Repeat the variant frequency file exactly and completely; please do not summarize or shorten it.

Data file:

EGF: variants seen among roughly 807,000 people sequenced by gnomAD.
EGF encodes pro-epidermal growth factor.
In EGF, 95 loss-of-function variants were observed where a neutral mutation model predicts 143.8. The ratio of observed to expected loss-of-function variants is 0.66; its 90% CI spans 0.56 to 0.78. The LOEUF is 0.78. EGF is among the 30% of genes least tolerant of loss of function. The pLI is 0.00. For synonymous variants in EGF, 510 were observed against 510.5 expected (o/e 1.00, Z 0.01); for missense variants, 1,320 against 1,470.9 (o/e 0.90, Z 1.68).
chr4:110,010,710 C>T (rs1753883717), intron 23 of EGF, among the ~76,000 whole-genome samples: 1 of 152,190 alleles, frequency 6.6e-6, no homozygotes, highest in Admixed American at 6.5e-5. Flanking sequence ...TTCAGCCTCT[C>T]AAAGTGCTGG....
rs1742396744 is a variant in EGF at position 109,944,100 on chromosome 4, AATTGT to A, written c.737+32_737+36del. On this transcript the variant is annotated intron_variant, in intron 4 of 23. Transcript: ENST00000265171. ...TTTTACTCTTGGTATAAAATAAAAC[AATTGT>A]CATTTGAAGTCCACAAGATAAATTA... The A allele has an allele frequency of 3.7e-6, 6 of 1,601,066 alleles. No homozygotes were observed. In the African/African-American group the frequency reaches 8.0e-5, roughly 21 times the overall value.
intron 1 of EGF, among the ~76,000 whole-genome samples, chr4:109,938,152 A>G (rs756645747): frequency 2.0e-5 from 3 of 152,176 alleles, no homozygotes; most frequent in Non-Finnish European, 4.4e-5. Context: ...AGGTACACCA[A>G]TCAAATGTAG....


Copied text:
EGF: variants seen among roughly 807,000 people sequenced by gnomAD.
EGF encodes pro-epidermal growth factor.
In EGF, 95 loss-of-function variants were observed where a neutral mutation model predicts 143.8. The ratio of observed to expected loss-of-function variants is 0.66; its 90% CI spans 0.56 to 0.78. The LOEUF is 0.78. EGF is among the 30% of genes least tolerant of loss of function. The pLI is 0.00. For synonymous variants in EGF, 510 were observed against 510.5 expected (o/e 1.00, Z 0.01); for missense variants, 1,320 against 1,470.9 (o/e 0.90, Z 1.68).
chr4:110,010,710 C>T (rs1753883717), intron 23 of EGF, among the ~76,000 whole-genome samples: 1 of 152,190 alleles, frequency 6.6e-6, no homozygotes, highest in Admixed American at 6.5e-5. Flanking sequence ...TTCAGCCTCT[C>T]AAAGTGCTGG....
rs1742396744 is a variant in EGF at position 109,944,100 on chromosome 4, AATTGT to A, written c.737+32_737+36del. On this transcript the variant is annotated intron_variant, in intron 4 of 23. Transcript: ENST00000265171. ...TTTTACTCTTGGTATAAAATAAAAC[AATTGT>A]CATTTGAAGTCCACAAGATAAATTA... The A allele has an allele frequency of 3.7e-6, 6 of 1,601,066 alleles. No homozygotes were observed. In the African/African-American group the frequency reaches 8.0e-5, roughly 21 times the overall value.
intron 1 of EGF, among the ~76,000 whole-genome samples, chr4:109,938,152 A>G (rs756645747): frequency 2.0e-5 from 3 of 152,176 alleles, no homozygotes; most frequent in Non-Finnish European, 4.4e-5. Context: ...AGGTACACCA[A>G]TCAAATGTAG....